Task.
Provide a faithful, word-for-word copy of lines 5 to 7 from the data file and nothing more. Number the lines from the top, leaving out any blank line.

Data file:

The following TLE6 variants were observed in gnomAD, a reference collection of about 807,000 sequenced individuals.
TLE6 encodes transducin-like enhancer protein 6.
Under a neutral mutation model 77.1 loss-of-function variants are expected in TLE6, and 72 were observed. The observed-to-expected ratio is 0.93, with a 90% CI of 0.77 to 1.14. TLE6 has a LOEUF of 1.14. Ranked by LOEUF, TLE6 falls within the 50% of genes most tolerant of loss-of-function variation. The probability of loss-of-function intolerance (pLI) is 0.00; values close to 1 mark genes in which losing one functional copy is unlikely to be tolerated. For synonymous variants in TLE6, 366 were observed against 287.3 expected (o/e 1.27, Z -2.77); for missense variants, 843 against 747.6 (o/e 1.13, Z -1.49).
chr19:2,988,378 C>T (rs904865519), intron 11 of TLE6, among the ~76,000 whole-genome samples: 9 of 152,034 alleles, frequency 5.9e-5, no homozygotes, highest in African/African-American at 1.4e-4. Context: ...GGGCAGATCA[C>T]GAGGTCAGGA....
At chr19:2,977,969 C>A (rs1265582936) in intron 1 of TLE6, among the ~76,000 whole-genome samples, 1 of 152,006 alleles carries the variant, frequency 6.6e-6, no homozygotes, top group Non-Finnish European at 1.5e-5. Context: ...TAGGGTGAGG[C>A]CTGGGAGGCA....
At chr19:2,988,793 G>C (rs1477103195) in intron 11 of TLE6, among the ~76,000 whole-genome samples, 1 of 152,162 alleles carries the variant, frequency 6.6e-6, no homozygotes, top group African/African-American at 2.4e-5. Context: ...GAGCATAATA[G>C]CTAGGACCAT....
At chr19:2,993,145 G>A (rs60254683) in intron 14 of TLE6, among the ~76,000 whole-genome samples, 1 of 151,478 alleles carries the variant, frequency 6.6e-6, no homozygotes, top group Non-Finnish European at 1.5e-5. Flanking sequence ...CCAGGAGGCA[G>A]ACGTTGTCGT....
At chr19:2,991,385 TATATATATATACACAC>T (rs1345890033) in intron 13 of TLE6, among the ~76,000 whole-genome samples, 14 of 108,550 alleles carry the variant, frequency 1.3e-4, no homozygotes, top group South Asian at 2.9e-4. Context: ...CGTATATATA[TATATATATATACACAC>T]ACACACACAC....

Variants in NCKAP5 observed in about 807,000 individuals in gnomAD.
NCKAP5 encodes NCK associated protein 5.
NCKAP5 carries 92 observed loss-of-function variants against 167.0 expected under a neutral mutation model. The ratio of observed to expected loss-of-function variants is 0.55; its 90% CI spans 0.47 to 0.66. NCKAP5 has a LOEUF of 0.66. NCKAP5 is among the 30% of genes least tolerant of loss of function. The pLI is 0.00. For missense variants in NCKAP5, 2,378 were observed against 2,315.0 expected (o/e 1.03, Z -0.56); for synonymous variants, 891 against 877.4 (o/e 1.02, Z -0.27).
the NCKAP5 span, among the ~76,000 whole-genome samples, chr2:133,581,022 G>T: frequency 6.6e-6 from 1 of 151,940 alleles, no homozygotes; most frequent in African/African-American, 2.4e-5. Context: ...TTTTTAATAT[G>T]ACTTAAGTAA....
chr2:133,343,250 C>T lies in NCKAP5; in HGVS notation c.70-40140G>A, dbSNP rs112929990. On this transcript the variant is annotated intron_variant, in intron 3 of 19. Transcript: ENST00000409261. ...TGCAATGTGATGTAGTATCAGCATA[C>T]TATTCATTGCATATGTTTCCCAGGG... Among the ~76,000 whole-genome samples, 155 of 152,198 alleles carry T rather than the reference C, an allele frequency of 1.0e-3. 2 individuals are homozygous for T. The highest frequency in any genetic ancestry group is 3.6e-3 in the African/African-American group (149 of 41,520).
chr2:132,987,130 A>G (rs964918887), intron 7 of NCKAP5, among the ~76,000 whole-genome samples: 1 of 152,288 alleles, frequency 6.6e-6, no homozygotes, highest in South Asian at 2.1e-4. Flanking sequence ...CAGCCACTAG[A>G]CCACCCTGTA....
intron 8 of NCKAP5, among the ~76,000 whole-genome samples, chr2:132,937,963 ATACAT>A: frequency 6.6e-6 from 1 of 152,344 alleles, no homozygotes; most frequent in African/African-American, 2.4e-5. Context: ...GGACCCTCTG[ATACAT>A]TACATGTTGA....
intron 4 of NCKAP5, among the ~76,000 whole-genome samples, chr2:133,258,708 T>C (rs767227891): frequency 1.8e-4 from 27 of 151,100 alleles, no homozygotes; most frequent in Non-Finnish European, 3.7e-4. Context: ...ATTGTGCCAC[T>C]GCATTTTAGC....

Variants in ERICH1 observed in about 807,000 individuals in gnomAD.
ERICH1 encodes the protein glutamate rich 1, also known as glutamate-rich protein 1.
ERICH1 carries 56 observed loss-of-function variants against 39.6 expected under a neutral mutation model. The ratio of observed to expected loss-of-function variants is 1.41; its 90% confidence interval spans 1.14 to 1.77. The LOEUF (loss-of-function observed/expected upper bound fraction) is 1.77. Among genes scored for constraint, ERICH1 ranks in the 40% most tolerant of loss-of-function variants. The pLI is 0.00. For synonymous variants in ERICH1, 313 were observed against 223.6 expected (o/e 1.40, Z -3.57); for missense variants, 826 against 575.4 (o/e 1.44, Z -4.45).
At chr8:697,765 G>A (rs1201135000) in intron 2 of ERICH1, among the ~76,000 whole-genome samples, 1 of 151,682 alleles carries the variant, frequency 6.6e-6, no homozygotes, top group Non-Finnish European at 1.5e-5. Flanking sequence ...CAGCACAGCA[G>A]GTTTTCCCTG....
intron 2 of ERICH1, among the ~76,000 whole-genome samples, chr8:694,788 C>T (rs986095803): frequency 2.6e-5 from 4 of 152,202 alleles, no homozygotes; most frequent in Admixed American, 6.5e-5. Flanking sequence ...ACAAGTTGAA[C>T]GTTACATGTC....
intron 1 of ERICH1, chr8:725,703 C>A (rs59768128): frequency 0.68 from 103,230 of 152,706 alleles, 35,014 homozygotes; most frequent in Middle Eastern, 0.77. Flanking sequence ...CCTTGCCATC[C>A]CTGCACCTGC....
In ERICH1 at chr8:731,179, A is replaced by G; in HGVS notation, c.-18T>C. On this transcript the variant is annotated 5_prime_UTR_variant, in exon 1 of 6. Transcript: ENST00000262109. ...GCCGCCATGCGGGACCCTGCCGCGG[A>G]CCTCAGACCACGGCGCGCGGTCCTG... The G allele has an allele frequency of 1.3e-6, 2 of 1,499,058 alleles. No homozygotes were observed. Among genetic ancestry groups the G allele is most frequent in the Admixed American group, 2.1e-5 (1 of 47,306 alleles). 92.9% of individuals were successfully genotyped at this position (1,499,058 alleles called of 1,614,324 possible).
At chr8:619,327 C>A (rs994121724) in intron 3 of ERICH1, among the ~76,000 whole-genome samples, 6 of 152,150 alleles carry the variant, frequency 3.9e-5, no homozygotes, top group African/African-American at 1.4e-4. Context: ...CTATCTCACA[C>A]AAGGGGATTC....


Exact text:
At chr19:2,977,969 C>A (rs1265582936) in intron 1 of TLE6, among the ~76,000 whole-genome samples, 1 of 152,006 alleles carries the variant, frequency 6.6e-6, no homozygotes, top group Non-Finnish European at 1.5e-5. Context: ...TAGGGTGAGG[C>A]CTGGGAGGCA....
At chr19:2,988,793 G>C (rs1477103195) in intron 11 of TLE6, among the ~76,000 whole-genome samples, 1 of 152,162 alleles carries the variant, frequency 6.6e-6, no homozygotes, top group African/African-American at 2.4e-5. Context: ...GAGCATAATA[G>C]CTAGGACCAT....
At chr19:2,993,145 G>A (rs60254683) in intron 14 of TLE6, among the ~76,000 whole-genome samples, 1 of 151,478 alleles carries the variant, frequency 6.6e-6, no homozygotes, top group Non-Finnish European at 1.5e-5. Flanking sequence ...CCAGGAGGCA[G>A]ACGTTGTCGT....